Business Taxes and Your Barber Shop
The legal structure and income of the barber shop will largely dictate the business tax payable and there are other considerations if the business is VAT-registered and employs people. This will involve regular bookkeeping work and, although some of this can be done in-house, many businesses prefer to turn to an accountant for at least some of it.
Weigh up the time it will take, the cost and the know-how required and consider what would be more efficiently and effectively outsourced to an accountant and what must, by law, be done by a qualified person.
Most barber shop businesses will operate as either a sole trader or a partnership. A sole trader must register with HM Revenue & Customs (HMRC) as self-employed, complete a self-assessment tax return every year and pay Class 2 and Class 4 National Insurance contributions (NICs). A partnership must also register with HMRC as self-employed and complete a partnership self-assessment tax return every year. In addition, each partner has to complete an annual self-assessment tax return and pay their own Class 2 and Class 4 NICs.
Self assessment tax returns are issued in April each year and cover the year from the previous 6th April to 5th April. For instance, the 2008-09 tax year covers the period from 6th April 2008 to 5th April 2009. Normally, HMRC will send a tax return if one has to be completed, but if they do not, it is the responsibility of the barber shop to ask for one.
Paper returns are due by 31st October and online returns by 30th December, otherwise HMRC cannot guarantee to do the calculations and collect tax through the applicant’s tax code if less than £2000 is owed. In any case, returns must reach HMRC by 31st January, or an automatic penalty of £100 will be due and additional penalties and interest may be charged on any overdue tax payments.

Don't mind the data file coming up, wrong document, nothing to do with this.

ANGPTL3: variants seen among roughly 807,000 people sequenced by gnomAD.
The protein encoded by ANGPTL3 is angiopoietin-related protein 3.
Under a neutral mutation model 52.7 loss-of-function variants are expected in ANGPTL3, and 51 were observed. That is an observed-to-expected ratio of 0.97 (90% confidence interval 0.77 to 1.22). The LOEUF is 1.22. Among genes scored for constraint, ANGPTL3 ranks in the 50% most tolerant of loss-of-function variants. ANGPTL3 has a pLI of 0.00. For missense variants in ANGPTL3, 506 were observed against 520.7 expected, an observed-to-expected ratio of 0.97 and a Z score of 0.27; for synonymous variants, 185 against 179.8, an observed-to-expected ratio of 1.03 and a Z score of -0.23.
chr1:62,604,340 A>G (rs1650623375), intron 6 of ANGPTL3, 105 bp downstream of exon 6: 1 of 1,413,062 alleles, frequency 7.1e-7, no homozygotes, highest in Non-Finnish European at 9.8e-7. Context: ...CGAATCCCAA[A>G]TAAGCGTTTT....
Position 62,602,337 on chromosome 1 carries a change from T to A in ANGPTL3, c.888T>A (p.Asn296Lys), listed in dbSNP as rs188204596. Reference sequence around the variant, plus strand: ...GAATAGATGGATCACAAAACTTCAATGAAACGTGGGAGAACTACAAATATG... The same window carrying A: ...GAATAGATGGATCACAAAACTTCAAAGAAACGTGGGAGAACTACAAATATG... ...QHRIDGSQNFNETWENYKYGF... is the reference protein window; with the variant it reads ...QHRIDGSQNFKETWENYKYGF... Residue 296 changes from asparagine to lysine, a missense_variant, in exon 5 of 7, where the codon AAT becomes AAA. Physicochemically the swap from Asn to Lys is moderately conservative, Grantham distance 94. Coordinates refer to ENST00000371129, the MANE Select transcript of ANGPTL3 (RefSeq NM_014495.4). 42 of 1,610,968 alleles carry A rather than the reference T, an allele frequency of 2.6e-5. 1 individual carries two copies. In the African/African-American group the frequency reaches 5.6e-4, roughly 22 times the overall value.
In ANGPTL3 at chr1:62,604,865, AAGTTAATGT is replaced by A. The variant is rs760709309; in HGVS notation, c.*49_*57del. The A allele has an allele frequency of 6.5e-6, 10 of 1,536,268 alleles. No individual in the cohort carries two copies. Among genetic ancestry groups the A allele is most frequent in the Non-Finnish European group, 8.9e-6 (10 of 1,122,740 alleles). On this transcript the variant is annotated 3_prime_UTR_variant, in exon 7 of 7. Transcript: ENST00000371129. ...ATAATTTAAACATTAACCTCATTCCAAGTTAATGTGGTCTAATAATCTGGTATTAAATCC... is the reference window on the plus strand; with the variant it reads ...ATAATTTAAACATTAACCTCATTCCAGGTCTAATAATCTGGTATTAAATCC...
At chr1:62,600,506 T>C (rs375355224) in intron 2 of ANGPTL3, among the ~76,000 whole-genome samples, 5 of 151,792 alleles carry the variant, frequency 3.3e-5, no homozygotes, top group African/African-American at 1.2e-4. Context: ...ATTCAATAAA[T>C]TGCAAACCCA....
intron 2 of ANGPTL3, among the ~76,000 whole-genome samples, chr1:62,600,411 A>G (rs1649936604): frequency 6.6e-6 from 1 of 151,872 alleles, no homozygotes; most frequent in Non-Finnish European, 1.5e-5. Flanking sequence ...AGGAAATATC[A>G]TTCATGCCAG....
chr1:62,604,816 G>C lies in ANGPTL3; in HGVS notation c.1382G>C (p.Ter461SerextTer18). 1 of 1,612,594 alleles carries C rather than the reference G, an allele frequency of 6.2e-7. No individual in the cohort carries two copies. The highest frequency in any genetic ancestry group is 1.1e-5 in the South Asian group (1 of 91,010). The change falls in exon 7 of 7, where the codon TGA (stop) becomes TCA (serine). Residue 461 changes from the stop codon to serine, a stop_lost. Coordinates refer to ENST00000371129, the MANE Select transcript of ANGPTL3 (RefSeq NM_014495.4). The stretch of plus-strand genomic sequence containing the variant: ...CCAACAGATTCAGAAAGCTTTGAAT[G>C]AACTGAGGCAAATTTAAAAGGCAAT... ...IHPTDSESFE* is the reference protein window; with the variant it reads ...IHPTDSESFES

Regular bookkeeping is essential. Not only does it makes it much easier to manage the barber shop and complete tax returns, it is also a legal requirement. Everyone must keep records of their income and any capital gains for at least 22 months after the end of the tax year. If in business and self-employed as a sole trader or a partner, records must be kept for at least five years and 10 months after the end of the tax year.
There are other legal structures the barber shop can adopt. If the business is a private limited company, every year it has to supply a set of accounts and completed corporation tax return to HMRC, as well as a signed set of accounts and completed annual return to Companies House.
The process is a little more complicated if the barbers is a limited liability partnership (LLP). Register with HMRC as self-employed and complete a partnership self-assessment tax return every year. In addition, make sure each partner completes an annual self-assessment tax return and pays his own Class 2 and Class 4 NICs. An LLP still has to supply a signed set of accounts and completed annual return to Companies House.
A VAT-registered barber shop has to complete a VAT return form for each tax period – usually every three months. This will detail how much VAT the business has charged its customers, been charged by its suppliers and owes or is owed by HMRC. If the barber shop employs staff, it has further business tax obligations. Pay As You Earn (PAYE) is the system used by HMRC for collecting income tax from the pay of employees as they earn it. An employer has to deduct income tax and National Insurance contributions from employees’ pay and submit the deductions to HMRC.